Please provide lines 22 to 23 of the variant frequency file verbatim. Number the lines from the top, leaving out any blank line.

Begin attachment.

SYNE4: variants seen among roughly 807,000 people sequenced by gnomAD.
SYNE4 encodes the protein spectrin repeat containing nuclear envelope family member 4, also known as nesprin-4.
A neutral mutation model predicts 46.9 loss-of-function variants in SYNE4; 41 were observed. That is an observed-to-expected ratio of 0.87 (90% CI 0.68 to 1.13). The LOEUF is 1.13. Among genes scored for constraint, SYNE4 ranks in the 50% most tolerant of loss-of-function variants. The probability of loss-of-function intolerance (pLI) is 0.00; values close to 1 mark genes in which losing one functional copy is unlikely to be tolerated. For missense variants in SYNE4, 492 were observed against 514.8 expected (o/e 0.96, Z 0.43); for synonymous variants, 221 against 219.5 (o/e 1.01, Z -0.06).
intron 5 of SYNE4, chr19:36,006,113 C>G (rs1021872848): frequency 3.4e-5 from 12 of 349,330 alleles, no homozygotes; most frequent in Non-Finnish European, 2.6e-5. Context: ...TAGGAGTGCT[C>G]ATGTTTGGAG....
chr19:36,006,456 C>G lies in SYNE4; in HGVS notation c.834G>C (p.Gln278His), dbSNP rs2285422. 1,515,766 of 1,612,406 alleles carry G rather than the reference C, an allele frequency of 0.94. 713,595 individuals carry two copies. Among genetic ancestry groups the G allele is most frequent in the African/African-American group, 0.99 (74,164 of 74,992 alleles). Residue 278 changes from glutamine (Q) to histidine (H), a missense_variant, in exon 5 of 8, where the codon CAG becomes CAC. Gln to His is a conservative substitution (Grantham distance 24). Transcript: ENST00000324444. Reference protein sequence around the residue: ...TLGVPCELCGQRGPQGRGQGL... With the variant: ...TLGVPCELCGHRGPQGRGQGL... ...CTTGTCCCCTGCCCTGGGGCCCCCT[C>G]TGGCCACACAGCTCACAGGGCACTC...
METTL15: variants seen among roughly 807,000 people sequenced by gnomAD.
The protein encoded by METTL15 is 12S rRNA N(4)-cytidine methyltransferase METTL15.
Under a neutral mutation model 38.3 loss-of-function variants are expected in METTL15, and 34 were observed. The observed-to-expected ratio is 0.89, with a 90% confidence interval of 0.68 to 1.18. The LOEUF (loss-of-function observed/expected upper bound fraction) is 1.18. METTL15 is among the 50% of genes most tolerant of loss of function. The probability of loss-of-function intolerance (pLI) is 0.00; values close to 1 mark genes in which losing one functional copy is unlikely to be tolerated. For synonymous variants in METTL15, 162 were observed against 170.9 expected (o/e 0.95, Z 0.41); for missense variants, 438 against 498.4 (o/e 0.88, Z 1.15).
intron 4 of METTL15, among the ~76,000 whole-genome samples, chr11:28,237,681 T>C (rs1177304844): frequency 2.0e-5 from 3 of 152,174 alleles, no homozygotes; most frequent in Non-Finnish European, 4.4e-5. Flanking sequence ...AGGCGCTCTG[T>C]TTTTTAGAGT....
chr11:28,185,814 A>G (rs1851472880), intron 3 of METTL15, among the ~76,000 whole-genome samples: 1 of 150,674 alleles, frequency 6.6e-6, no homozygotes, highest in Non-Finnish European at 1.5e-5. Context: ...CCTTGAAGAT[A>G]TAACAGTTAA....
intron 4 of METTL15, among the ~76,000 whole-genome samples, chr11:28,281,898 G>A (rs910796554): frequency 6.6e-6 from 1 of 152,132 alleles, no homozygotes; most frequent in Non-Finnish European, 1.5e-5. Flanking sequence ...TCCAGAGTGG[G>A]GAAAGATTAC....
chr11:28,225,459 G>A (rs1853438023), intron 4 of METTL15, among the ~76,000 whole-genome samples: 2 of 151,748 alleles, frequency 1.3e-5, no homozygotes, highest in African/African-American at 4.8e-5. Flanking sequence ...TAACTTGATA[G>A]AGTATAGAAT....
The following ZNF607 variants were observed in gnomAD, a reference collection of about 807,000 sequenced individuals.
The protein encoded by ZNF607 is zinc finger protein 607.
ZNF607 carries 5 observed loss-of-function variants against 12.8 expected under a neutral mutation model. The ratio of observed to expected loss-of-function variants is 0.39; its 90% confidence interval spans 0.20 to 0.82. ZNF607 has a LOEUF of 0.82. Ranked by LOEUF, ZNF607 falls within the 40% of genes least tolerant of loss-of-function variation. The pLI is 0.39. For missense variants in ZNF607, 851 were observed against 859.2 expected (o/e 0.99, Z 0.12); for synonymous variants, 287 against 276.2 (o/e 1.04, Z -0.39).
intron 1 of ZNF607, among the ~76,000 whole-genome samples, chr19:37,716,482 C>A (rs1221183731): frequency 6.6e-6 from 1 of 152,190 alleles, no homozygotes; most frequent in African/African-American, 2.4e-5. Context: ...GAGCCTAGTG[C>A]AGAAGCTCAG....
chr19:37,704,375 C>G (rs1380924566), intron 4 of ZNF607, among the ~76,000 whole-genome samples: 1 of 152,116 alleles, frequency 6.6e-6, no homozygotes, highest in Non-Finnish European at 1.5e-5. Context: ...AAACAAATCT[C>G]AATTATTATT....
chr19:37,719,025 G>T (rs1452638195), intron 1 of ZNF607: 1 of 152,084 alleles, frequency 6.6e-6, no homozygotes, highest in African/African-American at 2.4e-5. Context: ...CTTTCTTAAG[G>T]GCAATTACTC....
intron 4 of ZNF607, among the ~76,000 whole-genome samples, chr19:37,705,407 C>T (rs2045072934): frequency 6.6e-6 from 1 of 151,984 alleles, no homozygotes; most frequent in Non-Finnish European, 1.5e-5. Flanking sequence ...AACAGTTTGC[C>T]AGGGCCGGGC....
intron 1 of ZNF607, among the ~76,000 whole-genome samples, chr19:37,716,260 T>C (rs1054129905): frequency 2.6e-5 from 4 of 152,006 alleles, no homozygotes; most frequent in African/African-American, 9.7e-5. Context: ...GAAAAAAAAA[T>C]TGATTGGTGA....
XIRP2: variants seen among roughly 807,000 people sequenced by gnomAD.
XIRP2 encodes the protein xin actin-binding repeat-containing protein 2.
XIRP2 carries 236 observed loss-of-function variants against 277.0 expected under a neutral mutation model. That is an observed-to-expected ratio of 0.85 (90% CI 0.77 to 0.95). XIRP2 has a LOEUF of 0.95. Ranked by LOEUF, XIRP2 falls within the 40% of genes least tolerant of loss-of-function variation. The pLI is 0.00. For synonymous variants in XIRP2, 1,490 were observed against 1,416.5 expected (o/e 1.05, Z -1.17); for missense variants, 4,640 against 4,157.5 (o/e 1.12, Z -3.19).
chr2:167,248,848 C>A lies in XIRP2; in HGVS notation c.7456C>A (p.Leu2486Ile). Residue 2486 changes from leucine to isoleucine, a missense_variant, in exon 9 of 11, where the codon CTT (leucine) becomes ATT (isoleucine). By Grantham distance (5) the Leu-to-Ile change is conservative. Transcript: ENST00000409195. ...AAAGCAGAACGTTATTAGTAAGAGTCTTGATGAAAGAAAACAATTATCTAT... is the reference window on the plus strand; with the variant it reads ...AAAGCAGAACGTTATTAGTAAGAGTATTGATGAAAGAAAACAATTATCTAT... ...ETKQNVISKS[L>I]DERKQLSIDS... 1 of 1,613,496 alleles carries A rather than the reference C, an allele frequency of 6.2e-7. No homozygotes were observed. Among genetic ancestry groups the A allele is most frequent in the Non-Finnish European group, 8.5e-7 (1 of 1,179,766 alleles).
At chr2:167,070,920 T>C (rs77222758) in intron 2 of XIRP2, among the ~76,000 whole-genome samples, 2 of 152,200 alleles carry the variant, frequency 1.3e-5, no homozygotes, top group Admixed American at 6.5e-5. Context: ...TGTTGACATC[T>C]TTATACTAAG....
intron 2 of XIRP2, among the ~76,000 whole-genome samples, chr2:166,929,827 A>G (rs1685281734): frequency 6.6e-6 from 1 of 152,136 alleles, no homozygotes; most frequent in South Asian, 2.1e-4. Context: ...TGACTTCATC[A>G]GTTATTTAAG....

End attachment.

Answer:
XIRP2 encodes the protein xin actin-binding repeat-containing protein 2.
XIRP2 carries 236 observed loss-of-function variants against 277.0 expected under a neutral mutation model. That is an observed-to-expected ratio of 0.85 (90% CI 0.77 to 0.95). XIRP2 has a LOEUF of 0.95. Ranked by LOEUF, XIRP2 falls within the 40% of genes least tolerant of loss-of-function variation. The pLI is 0.00. For synonymous variants in XIRP2, 1,490 were observed against 1,416.5 expected (o/e 1.05, Z -1.17); for missense variants, 4,640 against 4,157.5 (o/e 1.12, Z -3.19).